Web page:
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Sunday, September 26, 2021

Professor Shrikant Bahulkar: ‘Pune a centre for learning; I’ve been immensely benefitted for Sanskrit studies’

Professor Shrikant Bahulkar, the chief investigator of the Bhagavata Purana Project at Bhandarkar Oriental Research Institute (BORI), Pune, talks about studies, opportunities for learning Indology and the need for higher education institutes to include courses on comparative religion.

Written by Anjali Marar | Pune |
Updated: August 14, 2021 3:21:50 pm
Professor Shrikant Bahulkar (File Photo)

For over four decades, Professor Shrikant Bahulkar has been teaching Sanskrit and involved in Vedic and Buddhist studies. He has authored and edited 12 books and was recently nominated as the Senior Fellow at the Oxford Centre for Hindu Studies, UK. Prof Bahulkar, the chief investigator of the Bhagavata Purana Project at Bhandarkar Oriental Research Institute (BORI), Pune, talks about religious studies, opportunities for learning Indology and the need for higher education institutes to include courses on comparative religion. Excerpts.

What opportunities of research await at the Oxford Centre for Hindu Studies?

This is basically an honorary position not involving any particular assignment. As a Senior Fellow, I now belong to the Faculty of the Oxford Centre for Hindu Studies (OCHS), Oxford University, UK. They will incorporate my work in their annual report. I am already working on a research project on the Bhagavata Purana for BORI in collaboration with OCHS. I shall continue my research here in Pune.

You are the third Indian Senior Fellow to be nominated to the OCHS. Besides, as like you, two of the current fellows have roots for their Hindu studies in Pune. Can you comment on how Pune has facilitated scholarly learning opportunities for such a niché subject for so many decades now?

Since my childhood, I have had a passion for Sanskrit. This city has been a centre of learning. I have immensely benefited from the facilities for the study of Sanskrit. There are great teachers, scholars in the field of Sanskrit in Pune. These gurus not only taught Sanskrit but indirectly taught us human values and the pursuit of knowledge.

What advantages do today’s young scholars of Indology enjoy in comparison to when you started off? Over the years, how has the popularity of Indology or religious studies been (in India and elsewhere) like (especially among non-priests)?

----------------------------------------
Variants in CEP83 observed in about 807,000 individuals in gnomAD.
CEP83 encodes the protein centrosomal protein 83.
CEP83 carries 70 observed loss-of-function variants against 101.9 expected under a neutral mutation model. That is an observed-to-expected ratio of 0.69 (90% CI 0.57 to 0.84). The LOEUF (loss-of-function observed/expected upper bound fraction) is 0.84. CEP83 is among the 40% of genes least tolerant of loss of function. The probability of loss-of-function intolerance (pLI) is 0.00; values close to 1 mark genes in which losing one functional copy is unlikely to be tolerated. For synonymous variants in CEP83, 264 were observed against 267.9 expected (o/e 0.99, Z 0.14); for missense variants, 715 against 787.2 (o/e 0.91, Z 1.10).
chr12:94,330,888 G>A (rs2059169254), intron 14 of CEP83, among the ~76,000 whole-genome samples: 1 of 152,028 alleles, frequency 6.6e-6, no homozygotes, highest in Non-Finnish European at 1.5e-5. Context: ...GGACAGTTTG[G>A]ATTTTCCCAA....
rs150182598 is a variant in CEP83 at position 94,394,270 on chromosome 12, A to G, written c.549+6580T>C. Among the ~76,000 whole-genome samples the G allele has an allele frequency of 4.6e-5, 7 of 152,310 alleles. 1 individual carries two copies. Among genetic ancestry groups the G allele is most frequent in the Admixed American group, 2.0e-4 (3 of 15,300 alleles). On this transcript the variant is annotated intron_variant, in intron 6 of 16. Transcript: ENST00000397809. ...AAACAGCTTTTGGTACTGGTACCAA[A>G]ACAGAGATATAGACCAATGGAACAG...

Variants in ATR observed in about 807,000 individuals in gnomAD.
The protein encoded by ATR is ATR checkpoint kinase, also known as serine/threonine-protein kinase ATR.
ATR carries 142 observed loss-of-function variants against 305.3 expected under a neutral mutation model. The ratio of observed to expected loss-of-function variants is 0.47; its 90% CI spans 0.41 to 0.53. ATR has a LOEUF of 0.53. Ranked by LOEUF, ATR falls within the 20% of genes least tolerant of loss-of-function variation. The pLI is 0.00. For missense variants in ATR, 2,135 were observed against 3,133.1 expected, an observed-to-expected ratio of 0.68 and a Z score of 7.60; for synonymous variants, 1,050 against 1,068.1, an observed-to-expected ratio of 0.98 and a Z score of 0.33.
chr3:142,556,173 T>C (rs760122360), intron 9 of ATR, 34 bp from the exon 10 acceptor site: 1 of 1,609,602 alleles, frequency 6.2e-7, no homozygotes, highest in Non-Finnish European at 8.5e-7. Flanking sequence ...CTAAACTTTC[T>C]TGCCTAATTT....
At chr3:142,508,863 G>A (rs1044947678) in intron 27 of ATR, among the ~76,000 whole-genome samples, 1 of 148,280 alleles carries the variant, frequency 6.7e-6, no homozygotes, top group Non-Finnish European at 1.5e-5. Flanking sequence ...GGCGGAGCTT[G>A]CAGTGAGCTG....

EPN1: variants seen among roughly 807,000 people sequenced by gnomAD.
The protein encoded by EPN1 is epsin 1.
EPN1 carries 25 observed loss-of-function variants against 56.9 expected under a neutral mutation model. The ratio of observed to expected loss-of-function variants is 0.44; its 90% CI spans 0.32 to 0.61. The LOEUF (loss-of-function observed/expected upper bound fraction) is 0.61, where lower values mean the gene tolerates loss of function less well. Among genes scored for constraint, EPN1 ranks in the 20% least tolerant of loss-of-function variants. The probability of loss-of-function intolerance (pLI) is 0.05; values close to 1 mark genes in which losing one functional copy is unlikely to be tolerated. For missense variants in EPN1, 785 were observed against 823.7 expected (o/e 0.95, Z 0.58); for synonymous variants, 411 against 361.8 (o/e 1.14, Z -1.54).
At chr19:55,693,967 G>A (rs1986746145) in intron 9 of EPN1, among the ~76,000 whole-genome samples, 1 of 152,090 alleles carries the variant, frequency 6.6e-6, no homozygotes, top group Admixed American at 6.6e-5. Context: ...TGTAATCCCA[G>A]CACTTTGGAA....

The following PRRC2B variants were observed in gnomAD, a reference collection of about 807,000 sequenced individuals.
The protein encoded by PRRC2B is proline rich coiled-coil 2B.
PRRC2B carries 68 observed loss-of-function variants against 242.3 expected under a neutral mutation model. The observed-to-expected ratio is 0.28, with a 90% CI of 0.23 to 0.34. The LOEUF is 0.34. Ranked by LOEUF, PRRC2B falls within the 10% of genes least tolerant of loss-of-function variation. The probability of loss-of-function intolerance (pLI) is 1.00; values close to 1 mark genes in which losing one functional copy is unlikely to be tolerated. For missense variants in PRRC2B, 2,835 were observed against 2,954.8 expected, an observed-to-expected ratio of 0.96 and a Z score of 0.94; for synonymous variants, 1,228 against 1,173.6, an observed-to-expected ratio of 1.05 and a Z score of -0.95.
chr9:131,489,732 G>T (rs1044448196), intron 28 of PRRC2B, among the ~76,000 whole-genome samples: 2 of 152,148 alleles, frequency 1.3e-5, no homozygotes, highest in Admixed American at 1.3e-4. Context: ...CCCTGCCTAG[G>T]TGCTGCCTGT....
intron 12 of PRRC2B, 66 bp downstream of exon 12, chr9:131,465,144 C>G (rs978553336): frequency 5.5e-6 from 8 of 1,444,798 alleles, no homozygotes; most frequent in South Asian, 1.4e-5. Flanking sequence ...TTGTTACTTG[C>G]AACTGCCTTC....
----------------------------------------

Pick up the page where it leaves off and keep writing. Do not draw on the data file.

The area of religious studies or a study of comparative religion is not so common in India. These days, the students of Indology in India have more facilities for learning. There is ample new material for study. A dispassionate approach is necessary for such studies. Fortunately, there are good teachers who teach the subjects with that approach. There is a good number of students in Indology departments in India. Most of them study the subject out of interest.

In foreign universities, the number of students is limited, maybe 8 to 10 and some of them wish to continue their studies. They not only study Sanskrit, but some pursue Pali and Prakrit languages as they want to do research in Buddhism and Jainism.

In India, religious studies or religion, per se, is increasingly and often seen getting linked with a number of anti-social activities, a basis to divide society and look upon with an agenda. Your views.

I do not think so. A good scholar studies religions out of interest and does not have any agenda. While studying the religions critically, one should be careful about the religious sentiments of the followers of the religions.

Can you suggest ways in which the study of all religions can be introduced at school, college and university levels than what it is being done now ?

In schools, it is good to teach human values taught by various religions. In higher education, there should be courses of comparative religion. This way the students will be motivated to have a critical approach but at the same time, they should have respect for other religions.
The schools and colleges should provide facilities for learning Sanskrit.

A student can get knowledge of Vedas and ancient scriptures through any Indian language or English. It is, however, necessary to study Sanskrit if one wants to do in-depth study and research. In Indian universities, they should teach Pali and Prakrit languages. One of them would be a major subject and two other languages could be subsidiary ones. At the same time, the students who study these classical languages must know ancient Indian history and culture.

Similarly, the students of ancient Indian history and culture must have basic knowledge of all the three classical languages and literature. The curricula should be revised accordingly. But this seems almost impossible.

What changes have you noticed in the studies of Hinduism, Buddhism, Vedas and the Puranas (in India and elsewhere) since the time you were a beginner?

A serious study of various religions and the religious scriptures in those particular classical languages is always a challenge. Generally, one who belongs to one particular religion has a natural love for and faith in one’s religion.

But a student of religious studies should not have any sectarian approach. He or she has to study various religious texts and find out the doctrinal differences between them. This kind of approach has been there. However, sometimes there are some writings glorifying some sects and despising other sects. Such an approach is harmful to society. Such attempts have been made previously as well. I do not find much change in the situation.

What are your present research works and areas of interest that you plan to explore in the near future?

I am working on three major research projects connected with Buddhist Studies, Puranas and Vedas. I have no plans of undertaking new projects in the near future.

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